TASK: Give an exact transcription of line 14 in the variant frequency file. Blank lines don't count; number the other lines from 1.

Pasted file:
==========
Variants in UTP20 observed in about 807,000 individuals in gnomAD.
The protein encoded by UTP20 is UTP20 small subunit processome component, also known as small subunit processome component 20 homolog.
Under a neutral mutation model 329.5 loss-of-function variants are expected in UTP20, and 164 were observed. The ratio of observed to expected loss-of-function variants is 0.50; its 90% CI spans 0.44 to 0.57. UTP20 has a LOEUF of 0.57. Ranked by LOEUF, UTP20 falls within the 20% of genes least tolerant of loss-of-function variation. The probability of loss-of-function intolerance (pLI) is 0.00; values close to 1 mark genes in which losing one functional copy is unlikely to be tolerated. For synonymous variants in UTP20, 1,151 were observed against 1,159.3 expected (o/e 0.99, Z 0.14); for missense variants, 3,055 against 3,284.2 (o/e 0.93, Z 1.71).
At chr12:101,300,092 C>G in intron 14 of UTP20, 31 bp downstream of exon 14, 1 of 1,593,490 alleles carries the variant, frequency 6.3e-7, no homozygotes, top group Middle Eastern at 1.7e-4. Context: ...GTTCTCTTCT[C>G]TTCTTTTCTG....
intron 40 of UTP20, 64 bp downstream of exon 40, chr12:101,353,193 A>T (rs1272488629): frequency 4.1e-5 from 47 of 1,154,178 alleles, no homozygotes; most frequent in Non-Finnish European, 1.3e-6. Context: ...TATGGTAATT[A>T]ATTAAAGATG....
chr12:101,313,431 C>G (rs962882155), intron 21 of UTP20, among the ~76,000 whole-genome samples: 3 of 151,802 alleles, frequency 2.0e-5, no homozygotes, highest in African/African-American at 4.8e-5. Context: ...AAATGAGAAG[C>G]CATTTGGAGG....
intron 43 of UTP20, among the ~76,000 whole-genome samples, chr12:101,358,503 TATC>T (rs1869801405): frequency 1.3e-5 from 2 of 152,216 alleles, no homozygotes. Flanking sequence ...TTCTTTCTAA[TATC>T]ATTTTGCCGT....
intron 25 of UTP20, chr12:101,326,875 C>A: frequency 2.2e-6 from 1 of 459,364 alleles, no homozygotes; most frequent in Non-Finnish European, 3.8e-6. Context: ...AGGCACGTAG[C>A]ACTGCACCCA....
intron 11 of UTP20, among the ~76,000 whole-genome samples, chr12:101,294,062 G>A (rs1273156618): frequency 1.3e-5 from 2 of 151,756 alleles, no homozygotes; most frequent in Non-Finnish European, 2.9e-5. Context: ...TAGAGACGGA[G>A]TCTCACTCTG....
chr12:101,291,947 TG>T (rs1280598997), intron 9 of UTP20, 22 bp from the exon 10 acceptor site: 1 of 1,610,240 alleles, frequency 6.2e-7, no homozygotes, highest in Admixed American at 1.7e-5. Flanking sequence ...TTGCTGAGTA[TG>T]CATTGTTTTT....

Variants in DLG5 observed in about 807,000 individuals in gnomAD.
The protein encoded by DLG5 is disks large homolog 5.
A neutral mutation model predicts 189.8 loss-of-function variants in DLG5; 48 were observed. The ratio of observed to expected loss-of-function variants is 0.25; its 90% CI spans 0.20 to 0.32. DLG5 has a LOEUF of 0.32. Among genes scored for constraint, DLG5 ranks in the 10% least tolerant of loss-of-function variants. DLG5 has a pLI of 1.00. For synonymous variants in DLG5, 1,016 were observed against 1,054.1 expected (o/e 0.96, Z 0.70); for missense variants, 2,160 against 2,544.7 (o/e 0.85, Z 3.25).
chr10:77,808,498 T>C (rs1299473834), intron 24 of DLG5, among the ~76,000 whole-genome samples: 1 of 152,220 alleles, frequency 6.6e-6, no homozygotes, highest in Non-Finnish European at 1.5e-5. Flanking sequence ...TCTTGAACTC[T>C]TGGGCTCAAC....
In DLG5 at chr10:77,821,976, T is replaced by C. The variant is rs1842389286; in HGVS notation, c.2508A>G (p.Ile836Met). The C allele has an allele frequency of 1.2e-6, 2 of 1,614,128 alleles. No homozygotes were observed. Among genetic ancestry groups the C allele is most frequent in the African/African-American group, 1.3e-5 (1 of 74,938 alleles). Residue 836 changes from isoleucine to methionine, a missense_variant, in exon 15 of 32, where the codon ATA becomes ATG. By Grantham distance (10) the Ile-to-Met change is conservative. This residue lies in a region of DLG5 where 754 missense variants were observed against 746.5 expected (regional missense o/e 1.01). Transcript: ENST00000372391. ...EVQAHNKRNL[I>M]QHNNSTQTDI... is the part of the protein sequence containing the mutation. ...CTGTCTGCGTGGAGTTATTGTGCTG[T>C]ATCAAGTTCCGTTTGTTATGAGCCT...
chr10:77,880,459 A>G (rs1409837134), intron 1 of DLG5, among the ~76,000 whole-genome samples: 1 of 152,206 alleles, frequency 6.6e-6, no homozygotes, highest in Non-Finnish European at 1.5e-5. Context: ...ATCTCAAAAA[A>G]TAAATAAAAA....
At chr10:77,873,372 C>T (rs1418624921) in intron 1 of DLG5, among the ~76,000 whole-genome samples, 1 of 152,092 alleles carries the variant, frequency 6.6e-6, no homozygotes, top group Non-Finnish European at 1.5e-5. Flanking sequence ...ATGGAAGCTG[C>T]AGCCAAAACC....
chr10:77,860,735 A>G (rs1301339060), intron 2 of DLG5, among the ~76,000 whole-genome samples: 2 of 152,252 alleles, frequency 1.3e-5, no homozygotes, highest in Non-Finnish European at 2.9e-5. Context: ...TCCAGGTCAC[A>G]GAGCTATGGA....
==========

chr10:77,808,498 T>C (rs1299473834), intron 24 of DLG5, among the ~76,000 whole-genome samples: 1 of 152,220 alleles, frequency 6.6e-6, no homozygotes, highest in Non-Finnish European at 1.5e-5. Flanking sequence ...TCTTGAACTC[T>C]TGGGCTCAAC....